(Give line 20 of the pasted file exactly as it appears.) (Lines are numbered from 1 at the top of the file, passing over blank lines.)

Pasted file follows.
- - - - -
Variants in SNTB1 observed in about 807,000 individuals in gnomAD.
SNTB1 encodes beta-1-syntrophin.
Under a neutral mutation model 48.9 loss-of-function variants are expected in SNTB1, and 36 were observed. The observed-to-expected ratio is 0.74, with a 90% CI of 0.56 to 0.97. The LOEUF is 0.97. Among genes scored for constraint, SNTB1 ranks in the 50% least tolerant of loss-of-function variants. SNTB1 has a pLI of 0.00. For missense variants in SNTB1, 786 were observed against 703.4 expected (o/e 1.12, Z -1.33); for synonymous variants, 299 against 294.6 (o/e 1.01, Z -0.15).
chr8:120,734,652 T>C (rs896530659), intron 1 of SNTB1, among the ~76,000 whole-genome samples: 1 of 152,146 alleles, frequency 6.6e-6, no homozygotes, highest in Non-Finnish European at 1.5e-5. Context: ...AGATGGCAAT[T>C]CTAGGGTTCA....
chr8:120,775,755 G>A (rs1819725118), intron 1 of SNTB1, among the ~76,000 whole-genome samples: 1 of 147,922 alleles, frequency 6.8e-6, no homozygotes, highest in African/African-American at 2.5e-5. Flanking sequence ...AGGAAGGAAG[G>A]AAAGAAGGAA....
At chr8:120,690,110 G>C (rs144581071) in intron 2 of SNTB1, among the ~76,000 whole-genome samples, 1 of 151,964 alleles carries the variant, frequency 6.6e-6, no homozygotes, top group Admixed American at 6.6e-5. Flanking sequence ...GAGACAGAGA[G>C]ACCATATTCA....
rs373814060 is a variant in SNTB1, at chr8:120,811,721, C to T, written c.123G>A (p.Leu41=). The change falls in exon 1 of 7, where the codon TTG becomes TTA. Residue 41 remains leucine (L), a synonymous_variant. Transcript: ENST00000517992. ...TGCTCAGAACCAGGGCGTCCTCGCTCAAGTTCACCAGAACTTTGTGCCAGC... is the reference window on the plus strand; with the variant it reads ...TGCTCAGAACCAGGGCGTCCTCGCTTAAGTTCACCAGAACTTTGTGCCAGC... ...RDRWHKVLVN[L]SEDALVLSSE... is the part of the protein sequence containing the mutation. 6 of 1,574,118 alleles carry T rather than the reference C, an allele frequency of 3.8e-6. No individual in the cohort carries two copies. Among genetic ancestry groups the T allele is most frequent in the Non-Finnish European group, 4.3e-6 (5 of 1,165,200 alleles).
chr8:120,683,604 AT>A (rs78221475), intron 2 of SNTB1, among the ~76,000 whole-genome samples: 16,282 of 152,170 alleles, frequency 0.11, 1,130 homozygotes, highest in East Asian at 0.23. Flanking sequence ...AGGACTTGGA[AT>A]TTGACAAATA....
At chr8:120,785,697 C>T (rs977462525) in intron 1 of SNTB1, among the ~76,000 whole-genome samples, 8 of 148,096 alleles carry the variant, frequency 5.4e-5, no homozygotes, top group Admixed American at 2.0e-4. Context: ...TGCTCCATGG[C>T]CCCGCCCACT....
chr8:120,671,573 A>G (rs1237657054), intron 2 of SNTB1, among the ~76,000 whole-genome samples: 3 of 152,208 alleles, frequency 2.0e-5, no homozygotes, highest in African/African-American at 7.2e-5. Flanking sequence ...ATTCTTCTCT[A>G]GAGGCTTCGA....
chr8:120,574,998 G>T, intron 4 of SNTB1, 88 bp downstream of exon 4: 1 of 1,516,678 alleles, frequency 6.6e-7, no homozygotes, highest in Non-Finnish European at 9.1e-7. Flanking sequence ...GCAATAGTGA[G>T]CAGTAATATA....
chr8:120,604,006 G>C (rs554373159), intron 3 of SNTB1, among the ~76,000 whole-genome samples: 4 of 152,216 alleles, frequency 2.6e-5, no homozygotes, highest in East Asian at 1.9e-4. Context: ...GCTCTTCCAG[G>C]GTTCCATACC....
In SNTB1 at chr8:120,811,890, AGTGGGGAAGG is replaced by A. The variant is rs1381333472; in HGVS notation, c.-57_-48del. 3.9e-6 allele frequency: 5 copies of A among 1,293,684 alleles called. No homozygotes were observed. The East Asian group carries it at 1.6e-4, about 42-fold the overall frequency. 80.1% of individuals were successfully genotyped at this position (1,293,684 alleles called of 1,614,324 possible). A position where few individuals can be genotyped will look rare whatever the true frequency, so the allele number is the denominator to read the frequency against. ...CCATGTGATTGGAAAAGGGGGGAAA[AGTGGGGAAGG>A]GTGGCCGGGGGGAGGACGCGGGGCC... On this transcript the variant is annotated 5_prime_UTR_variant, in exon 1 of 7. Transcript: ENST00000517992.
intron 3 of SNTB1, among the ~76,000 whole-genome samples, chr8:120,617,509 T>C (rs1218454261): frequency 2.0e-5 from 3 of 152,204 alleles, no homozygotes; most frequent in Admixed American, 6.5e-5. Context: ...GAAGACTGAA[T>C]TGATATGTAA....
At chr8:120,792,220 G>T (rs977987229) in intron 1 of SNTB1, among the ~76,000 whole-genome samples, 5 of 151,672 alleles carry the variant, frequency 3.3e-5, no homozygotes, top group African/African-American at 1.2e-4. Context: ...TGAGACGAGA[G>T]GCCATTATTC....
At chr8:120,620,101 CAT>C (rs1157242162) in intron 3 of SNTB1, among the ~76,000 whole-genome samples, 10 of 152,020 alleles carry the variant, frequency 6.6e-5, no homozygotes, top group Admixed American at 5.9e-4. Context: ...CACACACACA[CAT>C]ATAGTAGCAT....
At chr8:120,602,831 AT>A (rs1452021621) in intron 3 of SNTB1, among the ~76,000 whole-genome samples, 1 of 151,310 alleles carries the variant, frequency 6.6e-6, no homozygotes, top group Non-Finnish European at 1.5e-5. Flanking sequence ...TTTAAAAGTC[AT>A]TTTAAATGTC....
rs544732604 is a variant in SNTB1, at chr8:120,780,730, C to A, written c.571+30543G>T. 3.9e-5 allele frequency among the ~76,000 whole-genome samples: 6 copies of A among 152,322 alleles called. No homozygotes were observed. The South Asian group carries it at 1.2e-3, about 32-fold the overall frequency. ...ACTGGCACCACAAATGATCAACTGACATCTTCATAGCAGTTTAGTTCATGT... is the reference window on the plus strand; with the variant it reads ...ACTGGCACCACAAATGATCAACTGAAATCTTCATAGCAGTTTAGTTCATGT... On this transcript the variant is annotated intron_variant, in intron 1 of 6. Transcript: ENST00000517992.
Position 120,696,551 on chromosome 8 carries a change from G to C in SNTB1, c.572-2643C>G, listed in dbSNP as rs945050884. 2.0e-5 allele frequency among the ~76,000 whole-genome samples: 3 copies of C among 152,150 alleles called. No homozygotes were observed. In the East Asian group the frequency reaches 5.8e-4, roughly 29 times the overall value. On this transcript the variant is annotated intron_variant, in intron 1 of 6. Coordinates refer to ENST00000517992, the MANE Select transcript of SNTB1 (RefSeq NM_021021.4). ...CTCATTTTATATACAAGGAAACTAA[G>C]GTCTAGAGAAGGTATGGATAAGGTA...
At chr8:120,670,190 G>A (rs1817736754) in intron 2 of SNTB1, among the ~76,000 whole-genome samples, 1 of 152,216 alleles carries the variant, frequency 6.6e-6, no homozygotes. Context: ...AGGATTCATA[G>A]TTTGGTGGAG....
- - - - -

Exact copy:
At chr8:120,670,190 G>A (rs1817736754) in intron 2 of SNTB1, among the ~76,000 whole-genome samples, 1 of 152,216 alleles carries the variant, frequency 6.6e-6, no homozygotes. Context: ...AGGATTCATA[G>A]TTTGGTGGAG....